Theodore Roosevelt by Louis Auchincloss

President #26, C-SPAN historians’ ranking #4

Bullfeathers!!!!

There is no person whose has been President who led a life that seems like it came out of a work of fiction more than Theodore Roosevelt. It seemed apropos that a novelist, Louis Auchincloss (The Rector of Justin among many other titles) wrote this biography of a larger than life figure.

Theodore Roosevelt was a President that America seemed to need. After Abraham Lincoln’s death in 1865, the Presidency had passed through the hands of men who ranged from highly capable to grossly incompetent. Even a Civil War hero like Ulysses Grant could not elevate the office to the same stature that it had in Lincoln’s time.

It took a man, born of privilege, but who still took nothing for granted in life, to bring the United States fully up to the level of a world power on par with the British and French. It took a man who could bring together upper crust New Yorkers and rough-edged Westerners into a cohesive fighting unit, for one day of military success. A triumph that would propel him to the White House.

Theodore Roosevelt was born on October 27, 1858 in New York City. His father, also named Theodore (as an adult, President Theodore Roosevelt did not use the “Junior” suffix), did not serve in the Union Army in the Civil War, instead buying a replacement. This was a source of great embarrassment to young Theodore, who felt his father, whom he idolized, displayed cowardice.

As a child, Roosevelt was plagued with debilitating asthma attacks. There was no effective treatment for that condition at that time, aside from just being propped up in a chair. The condition made it difficult for Roosevelt to attend school on a regular basis.

In an effort to improve his physical condition, young Theodore Roosevelt took up boxing. This led to a lifelong interest in physical fitness, as well as a love of the outdoors. Roosevelt called this “the vigorous life.”

Through home schooling, Roosevelt was able to develop a sufficient background to get himself admitted to Harvard in 1876. He proved to be an excellent student, devouring knowledge in seemingly every field. Roosevelt had an encyclopedic knowledge of literature, and was also well-versed in geography, the natural sciences, and history. After graduating from Harvard, Roosevelt would write a book, the Naval War of 1812.

In 1878, while at Harvard, Theodore Roosevelt’s father passed away at age 47 from a form of colon cancer. Young Theodore missed seeing his father before he passed away, and always regretted it. As it would turn out, tragedy would stalk him much of his life. It is amazing that he was able to overcome it.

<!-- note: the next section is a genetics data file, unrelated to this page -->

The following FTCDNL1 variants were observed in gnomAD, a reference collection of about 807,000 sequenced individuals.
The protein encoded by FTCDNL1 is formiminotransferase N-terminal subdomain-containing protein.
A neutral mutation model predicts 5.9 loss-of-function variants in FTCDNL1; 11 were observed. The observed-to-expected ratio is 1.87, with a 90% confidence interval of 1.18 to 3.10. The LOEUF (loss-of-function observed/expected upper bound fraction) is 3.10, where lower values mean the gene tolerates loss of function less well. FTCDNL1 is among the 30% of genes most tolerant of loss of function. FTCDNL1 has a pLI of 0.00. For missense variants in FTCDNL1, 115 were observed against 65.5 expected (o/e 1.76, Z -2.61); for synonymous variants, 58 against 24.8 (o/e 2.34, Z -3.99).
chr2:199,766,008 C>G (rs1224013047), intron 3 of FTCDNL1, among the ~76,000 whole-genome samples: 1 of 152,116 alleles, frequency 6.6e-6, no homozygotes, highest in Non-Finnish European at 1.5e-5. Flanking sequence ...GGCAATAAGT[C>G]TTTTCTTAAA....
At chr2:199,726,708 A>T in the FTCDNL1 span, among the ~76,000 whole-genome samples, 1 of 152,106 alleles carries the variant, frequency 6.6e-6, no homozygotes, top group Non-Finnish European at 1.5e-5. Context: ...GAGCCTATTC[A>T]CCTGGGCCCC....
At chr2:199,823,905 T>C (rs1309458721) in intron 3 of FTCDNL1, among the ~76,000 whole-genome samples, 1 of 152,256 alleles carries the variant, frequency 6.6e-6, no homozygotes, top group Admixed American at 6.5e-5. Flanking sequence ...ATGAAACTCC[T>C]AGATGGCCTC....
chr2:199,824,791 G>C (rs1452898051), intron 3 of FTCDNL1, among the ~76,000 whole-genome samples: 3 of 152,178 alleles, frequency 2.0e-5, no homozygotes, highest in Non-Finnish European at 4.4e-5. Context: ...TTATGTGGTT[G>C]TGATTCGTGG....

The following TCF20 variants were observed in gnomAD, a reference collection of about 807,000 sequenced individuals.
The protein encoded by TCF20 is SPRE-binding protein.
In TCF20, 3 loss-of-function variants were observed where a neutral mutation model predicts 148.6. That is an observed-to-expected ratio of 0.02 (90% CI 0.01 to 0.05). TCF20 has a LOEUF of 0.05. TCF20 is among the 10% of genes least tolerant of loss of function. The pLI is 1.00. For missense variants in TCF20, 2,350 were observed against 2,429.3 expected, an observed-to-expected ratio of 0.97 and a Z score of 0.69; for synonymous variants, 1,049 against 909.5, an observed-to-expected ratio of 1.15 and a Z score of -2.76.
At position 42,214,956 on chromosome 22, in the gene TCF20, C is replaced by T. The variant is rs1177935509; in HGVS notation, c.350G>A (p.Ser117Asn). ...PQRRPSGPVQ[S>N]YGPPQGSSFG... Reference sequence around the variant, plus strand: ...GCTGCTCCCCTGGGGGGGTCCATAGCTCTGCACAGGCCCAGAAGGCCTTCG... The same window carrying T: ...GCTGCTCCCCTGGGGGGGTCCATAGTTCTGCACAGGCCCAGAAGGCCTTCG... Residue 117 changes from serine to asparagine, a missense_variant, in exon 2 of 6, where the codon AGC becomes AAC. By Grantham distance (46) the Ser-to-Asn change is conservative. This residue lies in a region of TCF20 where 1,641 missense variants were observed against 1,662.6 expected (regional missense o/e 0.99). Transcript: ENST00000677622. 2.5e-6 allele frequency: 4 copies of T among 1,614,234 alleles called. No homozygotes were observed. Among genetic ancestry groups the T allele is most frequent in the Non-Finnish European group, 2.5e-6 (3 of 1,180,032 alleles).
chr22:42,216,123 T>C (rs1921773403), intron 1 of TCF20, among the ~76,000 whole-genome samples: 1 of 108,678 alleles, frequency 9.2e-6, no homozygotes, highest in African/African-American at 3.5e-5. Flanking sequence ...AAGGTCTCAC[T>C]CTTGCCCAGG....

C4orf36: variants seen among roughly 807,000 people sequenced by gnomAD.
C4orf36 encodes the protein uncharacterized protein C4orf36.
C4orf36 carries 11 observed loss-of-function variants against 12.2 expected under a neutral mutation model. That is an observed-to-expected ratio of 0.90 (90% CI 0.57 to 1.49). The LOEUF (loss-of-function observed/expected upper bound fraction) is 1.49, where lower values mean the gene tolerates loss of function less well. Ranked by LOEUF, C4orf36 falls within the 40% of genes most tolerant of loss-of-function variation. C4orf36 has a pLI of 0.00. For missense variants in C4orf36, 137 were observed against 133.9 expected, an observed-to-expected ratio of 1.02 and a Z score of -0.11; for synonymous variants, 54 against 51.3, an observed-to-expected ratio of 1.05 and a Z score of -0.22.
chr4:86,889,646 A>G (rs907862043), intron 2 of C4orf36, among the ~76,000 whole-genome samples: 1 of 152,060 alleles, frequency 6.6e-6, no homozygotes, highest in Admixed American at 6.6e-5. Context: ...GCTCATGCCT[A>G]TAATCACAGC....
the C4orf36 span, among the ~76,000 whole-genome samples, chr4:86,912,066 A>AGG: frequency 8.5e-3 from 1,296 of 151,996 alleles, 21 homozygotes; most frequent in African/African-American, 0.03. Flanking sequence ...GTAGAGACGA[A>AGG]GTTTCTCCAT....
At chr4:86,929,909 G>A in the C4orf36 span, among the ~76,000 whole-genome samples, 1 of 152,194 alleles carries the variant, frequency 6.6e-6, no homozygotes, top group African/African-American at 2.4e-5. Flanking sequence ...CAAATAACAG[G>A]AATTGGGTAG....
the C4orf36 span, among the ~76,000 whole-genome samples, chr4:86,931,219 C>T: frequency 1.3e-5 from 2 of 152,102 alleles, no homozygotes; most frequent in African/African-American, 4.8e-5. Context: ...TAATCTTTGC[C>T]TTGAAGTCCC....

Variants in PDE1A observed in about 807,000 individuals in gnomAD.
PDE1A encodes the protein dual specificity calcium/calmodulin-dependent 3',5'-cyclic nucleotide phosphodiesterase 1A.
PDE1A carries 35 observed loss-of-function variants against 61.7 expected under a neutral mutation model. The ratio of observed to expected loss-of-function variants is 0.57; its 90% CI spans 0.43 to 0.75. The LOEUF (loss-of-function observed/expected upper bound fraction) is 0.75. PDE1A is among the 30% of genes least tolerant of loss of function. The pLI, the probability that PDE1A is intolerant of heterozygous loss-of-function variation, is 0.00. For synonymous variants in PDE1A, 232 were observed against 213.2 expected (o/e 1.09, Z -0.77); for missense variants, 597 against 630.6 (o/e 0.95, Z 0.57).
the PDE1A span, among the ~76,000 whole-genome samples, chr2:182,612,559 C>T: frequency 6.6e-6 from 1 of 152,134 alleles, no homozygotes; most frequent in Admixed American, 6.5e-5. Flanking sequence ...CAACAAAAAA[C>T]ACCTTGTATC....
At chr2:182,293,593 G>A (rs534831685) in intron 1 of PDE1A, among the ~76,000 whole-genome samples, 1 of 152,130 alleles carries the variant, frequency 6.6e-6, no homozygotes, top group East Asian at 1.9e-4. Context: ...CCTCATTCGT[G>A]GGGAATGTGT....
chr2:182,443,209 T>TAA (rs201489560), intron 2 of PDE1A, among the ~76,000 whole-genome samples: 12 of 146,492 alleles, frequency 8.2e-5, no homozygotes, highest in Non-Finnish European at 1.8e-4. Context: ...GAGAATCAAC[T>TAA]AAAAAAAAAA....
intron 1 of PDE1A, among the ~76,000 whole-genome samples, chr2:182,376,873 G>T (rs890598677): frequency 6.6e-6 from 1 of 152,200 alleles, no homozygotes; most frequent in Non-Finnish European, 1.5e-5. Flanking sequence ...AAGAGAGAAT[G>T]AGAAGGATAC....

Theodore Roosevelt married Alice Lee in 1880 and seemed to be a happy couple. Roosevelt had carefully picked out his wife, wanting only a woman of the finest breeding, as well as one who was a virgin. He was strongly opposed to sex outside of a marriage. However, he was a big supporter of sex in marriage and believed it was every person’s duty to have as many children as possible.

Alice became pregnant in 1883 and gave birth to a daughter, also named Alice, on February 12, 1884. Two days later, the new mother passed away from kidney failure. On the same day, Roosevelt’s mother passed away as well as from typhoid fever. Roosevelt never spoke about his first wife to anyone ever again, even to his daughter.

In response to these tragedies, Roosevelt decided not to run for reelection to the New York State Assembly (where he had begun to build his resume as a reformer) and moved out to his ranch, Elk Horn, in the Dakota Territory. He spent time living a life that would seem to be too fantastic for even a Hollywood Western.  Roosevelt caught a group of thieves and marched them back through the wilderness for a week until he could turn them over to the nearest law enforcement authority.

Roosevelt returned to the political arena later in 1884, making an appearance at the Republican National Convention. He held his nose and endorsed James Blaine for the nomination, even though he could not stand Blaine’s policies. Roosevelt felt that politically, he could not go out on a limb just yet.